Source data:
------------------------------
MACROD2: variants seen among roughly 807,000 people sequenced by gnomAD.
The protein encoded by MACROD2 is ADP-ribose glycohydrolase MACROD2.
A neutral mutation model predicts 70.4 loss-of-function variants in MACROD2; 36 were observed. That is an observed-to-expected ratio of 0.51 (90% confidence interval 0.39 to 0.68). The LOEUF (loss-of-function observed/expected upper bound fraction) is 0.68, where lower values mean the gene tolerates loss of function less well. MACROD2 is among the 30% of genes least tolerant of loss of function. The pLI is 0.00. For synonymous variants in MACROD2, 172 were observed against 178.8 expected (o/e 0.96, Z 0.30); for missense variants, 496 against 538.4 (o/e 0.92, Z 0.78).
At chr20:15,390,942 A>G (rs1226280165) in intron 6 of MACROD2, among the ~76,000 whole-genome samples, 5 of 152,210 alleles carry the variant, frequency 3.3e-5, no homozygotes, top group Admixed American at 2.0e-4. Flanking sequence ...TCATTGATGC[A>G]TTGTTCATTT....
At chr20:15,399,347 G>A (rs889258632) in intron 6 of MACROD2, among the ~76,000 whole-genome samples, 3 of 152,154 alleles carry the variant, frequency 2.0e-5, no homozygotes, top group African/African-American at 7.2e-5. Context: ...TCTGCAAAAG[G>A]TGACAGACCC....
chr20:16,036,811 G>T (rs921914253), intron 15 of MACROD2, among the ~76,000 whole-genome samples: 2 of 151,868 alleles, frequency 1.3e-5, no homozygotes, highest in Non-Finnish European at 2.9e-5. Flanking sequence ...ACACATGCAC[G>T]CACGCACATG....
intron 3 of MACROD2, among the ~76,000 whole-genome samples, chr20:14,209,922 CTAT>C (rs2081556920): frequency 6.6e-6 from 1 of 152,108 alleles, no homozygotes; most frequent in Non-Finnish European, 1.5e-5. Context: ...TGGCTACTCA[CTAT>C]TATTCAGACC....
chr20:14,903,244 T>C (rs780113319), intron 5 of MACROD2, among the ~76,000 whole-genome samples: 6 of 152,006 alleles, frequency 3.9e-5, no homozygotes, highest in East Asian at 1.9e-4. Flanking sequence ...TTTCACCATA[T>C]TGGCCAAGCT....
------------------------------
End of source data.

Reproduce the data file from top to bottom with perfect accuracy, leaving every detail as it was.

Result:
MACROD2: variants seen among roughly 807,000 people sequenced by gnomAD.
The protein encoded by MACROD2 is ADP-ribose glycohydrolase MACROD2.
A neutral mutation model predicts 70.4 loss-of-function variants in MACROD2; 36 were observed. That is an observed-to-expected ratio of 0.51 (90% confidence interval 0.39 to 0.68). The LOEUF (loss-of-function observed/expected upper bound fraction) is 0.68, where lower values mean the gene tolerates loss of function less well. MACROD2 is among the 30% of genes least tolerant of loss of function. The pLI is 0.00. For synonymous variants in MACROD2, 172 were observed against 178.8 expected (o/e 0.96, Z 0.30); for missense variants, 496 against 538.4 (o/e 0.92, Z 0.78).
At chr20:15,390,942 A>G (rs1226280165) in intron 6 of MACROD2, among the ~76,000 whole-genome samples, 5 of 152,210 alleles carry the variant, frequency 3.3e-5, no homozygotes, top group Admixed American at 2.0e-4. Flanking sequence ...TCATTGATGC[A>G]TTGTTCATTT....
At chr20:15,399,347 G>A (rs889258632) in intron 6 of MACROD2, among the ~76,000 whole-genome samples, 3 of 152,154 alleles carry the variant, frequency 2.0e-5, no homozygotes, top group African/African-American at 7.2e-5. Context: ...TCTGCAAAAG[G>A]TGACAGACCC....
chr20:16,036,811 G>T (rs921914253), intron 15 of MACROD2, among the ~76,000 whole-genome samples: 2 of 151,868 alleles, frequency 1.3e-5, no homozygotes, highest in Non-Finnish European at 2.9e-5. Flanking sequence ...ACACATGCAC[G>T]CACGCACATG....
intron 3 of MACROD2, among the ~76,000 whole-genome samples, chr20:14,209,922 CTAT>C (rs2081556920): frequency 6.6e-6 from 1 of 152,108 alleles, no homozygotes; most frequent in Non-Finnish European, 1.5e-5. Context: ...TGGCTACTCA[CTAT>C]TATTCAGACC....
chr20:14,903,244 T>C (rs780113319), intron 5 of MACROD2, among the ~76,000 whole-genome samples: 6 of 152,006 alleles, frequency 3.9e-5, no homozygotes, highest in East Asian at 1.9e-4. Flanking sequence ...TTTCACCATA[T>C]TGGCCAAGCT....